Like any specialty, aviation has it’s own vocabulary that rolls off the tongue for those who are in-the-know but is like a foreign language to those who aren’t. That can make it difficult for someone new to aviation to understand what’s being said until up-to-speed on the lingo. You’ll also find that aviators really like abbreviations. That word you hear a pilot saying that doesn’t sound like a word may actually be an abbreviation.
In order to help those who don’t speak the language, this post is a dictionary of aviation lingo. As posts use aviation-specific words, I’ll link them here for the definition. This post will also be a living document of sorts – as I use lingo that isn’t here, I’ll come back an add it.
So here it is, your aviation translator.
AGL (above ground level): Altitudes are aviation are given two ways “above ground level” and “mean sea level”. AGL altitudes are exactly what they sound like, feet above the actual surface. If your airport elevation is 1,000 above sea level and you want to fly at a standard traffic pattern altitude of 1,000 AGL, you’ll be flying 1,000 feet above the ground and your altimeter will read 2,000 feet.
ATC (Air Traffic Control): Our favorite people. Air traffic controllers include people who are keeping an eye out for us on the ground, giving us clearance to take off or land, and providing us with separation and traffic reports while in the air. We communicate with them via radio on pre-defined frequencies. This group of people if vital to our ability to navigate busy air space. The can see our airplane and all of the others on radar and are keeping an eye on us.
ATIS (Automatic Terminal Information Service): This is a broadcast recording of information for a specific air space. When you listen to the ATIS you will hear the TAF and any NOTAMs for the airspace. You will also hear any additional ephemeral information that you need to know about the airport. The ATIS is updated regularly. Every time an updated ATIS is issued it will be defined by a letter in alphabetically order. When flying to or from an airport that has an ATIS, listen to the ATIS to get important information for you flight. When talking to ATC they will want to know that you have listened to this important information. You will let them know you have by telling them the letter of the ATIS you have listened to. If there is an updated ATIS since the one you listened to, ATC will often provide you with the differences that are in the most recent.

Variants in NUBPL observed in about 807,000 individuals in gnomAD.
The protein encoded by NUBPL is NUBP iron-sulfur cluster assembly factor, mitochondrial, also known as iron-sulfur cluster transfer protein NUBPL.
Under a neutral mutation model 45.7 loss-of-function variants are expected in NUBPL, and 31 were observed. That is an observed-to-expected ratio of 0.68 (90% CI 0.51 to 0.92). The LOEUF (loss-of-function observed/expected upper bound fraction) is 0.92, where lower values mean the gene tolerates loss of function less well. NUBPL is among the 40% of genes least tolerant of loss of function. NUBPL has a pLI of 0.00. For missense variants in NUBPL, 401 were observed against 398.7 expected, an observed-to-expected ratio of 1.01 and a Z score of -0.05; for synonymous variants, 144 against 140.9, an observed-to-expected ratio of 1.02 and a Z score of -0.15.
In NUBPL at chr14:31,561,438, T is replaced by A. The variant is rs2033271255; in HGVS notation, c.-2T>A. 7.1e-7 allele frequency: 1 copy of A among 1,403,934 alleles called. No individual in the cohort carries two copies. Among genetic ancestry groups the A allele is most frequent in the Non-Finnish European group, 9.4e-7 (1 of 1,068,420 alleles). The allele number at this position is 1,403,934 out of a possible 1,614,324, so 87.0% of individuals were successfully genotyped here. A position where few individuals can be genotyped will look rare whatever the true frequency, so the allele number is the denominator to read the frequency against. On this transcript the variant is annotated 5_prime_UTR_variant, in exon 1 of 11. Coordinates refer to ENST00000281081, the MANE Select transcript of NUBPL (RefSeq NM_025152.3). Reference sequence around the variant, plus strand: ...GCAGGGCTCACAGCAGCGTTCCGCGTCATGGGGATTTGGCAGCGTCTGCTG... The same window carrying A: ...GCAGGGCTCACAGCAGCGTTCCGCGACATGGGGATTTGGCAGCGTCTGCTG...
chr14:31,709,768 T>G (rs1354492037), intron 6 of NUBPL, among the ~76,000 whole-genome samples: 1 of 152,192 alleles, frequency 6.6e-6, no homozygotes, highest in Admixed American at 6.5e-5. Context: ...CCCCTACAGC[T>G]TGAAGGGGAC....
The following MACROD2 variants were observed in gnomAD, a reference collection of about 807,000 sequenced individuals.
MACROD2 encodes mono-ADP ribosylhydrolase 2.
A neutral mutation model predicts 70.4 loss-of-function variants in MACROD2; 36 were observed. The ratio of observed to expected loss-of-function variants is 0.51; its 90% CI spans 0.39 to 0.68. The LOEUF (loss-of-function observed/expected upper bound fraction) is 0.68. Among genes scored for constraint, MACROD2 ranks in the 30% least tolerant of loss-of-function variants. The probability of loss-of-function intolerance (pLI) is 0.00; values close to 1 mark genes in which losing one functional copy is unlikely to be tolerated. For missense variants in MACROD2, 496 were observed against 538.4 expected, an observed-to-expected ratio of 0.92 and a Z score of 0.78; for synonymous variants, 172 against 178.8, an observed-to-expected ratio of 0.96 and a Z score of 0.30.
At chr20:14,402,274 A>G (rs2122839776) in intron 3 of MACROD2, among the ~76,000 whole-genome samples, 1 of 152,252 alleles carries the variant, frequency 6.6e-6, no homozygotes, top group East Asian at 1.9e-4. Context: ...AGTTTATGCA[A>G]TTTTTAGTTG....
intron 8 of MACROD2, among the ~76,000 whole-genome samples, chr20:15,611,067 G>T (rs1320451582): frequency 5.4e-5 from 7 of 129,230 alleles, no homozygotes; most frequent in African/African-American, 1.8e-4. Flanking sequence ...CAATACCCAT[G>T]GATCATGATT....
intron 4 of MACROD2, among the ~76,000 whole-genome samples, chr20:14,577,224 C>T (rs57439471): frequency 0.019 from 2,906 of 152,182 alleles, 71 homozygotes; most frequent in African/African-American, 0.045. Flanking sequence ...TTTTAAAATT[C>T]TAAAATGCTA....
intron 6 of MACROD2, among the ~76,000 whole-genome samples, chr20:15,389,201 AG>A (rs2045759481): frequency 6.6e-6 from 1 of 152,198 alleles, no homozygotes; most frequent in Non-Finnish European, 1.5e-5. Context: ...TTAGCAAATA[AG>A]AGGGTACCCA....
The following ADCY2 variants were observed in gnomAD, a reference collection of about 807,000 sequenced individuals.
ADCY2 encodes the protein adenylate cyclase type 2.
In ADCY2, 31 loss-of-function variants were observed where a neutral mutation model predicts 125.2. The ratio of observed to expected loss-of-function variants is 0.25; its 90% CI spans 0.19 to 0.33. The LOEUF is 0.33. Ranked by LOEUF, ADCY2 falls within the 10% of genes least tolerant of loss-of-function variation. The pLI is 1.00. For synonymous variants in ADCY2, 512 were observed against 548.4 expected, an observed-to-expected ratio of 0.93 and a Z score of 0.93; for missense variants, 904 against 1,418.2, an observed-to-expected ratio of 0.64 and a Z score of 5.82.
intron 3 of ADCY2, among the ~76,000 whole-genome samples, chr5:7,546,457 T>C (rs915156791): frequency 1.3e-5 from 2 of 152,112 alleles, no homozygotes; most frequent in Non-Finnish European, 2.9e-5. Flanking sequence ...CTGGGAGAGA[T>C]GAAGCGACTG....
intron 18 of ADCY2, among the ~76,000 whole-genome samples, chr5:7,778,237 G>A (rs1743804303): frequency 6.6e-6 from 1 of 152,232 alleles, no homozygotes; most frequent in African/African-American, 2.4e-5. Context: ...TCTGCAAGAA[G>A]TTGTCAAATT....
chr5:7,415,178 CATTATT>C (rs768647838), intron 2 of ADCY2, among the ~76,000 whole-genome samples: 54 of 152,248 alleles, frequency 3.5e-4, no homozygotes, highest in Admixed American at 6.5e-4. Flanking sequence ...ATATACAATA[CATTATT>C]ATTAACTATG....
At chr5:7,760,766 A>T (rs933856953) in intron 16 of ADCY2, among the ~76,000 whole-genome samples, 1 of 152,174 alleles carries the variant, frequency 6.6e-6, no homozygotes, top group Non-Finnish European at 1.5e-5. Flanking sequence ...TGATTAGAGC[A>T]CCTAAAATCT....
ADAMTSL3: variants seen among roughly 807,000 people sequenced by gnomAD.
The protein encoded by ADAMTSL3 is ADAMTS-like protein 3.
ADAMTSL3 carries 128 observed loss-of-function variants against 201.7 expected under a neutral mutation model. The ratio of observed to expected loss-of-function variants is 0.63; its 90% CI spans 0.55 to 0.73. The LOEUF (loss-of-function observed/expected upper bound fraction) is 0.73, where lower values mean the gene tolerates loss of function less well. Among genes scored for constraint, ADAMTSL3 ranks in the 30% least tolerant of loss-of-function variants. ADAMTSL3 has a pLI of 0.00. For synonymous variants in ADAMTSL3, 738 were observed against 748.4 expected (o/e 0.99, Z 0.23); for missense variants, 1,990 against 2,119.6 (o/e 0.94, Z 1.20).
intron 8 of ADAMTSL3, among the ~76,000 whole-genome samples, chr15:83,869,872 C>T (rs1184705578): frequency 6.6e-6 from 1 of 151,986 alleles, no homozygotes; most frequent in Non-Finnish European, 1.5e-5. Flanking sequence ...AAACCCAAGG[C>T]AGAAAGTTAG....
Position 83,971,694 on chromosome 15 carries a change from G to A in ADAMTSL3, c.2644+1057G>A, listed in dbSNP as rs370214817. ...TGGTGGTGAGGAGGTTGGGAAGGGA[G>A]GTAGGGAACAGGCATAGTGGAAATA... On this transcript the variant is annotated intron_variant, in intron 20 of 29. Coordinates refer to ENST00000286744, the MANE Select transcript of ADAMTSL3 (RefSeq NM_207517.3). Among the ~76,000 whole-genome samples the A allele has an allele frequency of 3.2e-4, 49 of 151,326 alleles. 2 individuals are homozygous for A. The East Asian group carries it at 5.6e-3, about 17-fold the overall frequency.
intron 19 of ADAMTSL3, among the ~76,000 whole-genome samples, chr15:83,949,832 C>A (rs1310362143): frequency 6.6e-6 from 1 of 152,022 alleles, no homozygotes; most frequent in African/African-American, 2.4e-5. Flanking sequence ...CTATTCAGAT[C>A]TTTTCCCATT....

FAA (Federal Aviation Administration): The FAA is the government agency in the United States that regulates all civil aviation. These are the people who set the rules that we follow.
FBO (fixed-base operator): If you land at an airport and you are headed to the FBO, you are going to the place where you can tie-down the airplane, get fuel, use the restroom, etc. This facility is on the airport grounds and is often run and managed by a company that is independent from the airport.
METAR: The weather and meteorological conditions at the airport. The METAR will include wind speed and direction, visibility distance, cloud altitude(s), air temperature (in Celsius), dew point (in Celsius), atmospheric pressure (in inches Hg), and any other relevant weather information. Something to remember is that the cloud altitude in the METAR are given in AGL.
Squawk Code: This code is a four digit numeric code assigned to an aircraft by air traffic control. The pilot inputs the assigned code into a small instrument on the dashboard of the airplane, that instrument transmits the code, and (secondary) radar picks up the code. This allows the four digit code to show up next to the airplane’s little dot on the radar back at ATC. Having a squawk code next to each dot on the radar allows ATC to quickly identify who they need to talk to.
TAF (terminal area forecast): Like the METAR, the TAF gives you weather and meteorological conditions at the airport but the TAF is the future forecast, not the current weather.
TFR (temporary flight restriction): The FAA issues flight restrictions that prevent pilots from entering certain air spaces for various reasons. Temporary flight restrictions can be issues over sporting events, when there are dangers below that could affect pilots (I’ve seen a TFR issued for controlled explosion that a local agency had planned on the ground), when dignitaries (like POTUS) are in the area. They are for any reason that the FAA does not want you flying in the area. TFRs are temporary are for specific time periods. Make sure you check for TFRs along your route. You do not want to fly into or through a TFR when it is active. You’ll need to answer to the FAA if you do fly into that air space.
TPA (traffic pattern altitude): When flying in the traffic pattern at an airport, you typically fly at 1,000 feet AGL. Therefore traffic pattern altitude is typically the airport field elevation plus 1,000. Not all airports follow this rule. Some airports have a specifically defined altitude for flying the traffic pattern. Make sure you verify the traffic pattern airport for any airport you are flying at.
Didn’t find the term you were looking for? Please leave me a comment below and I’ll add it to the list.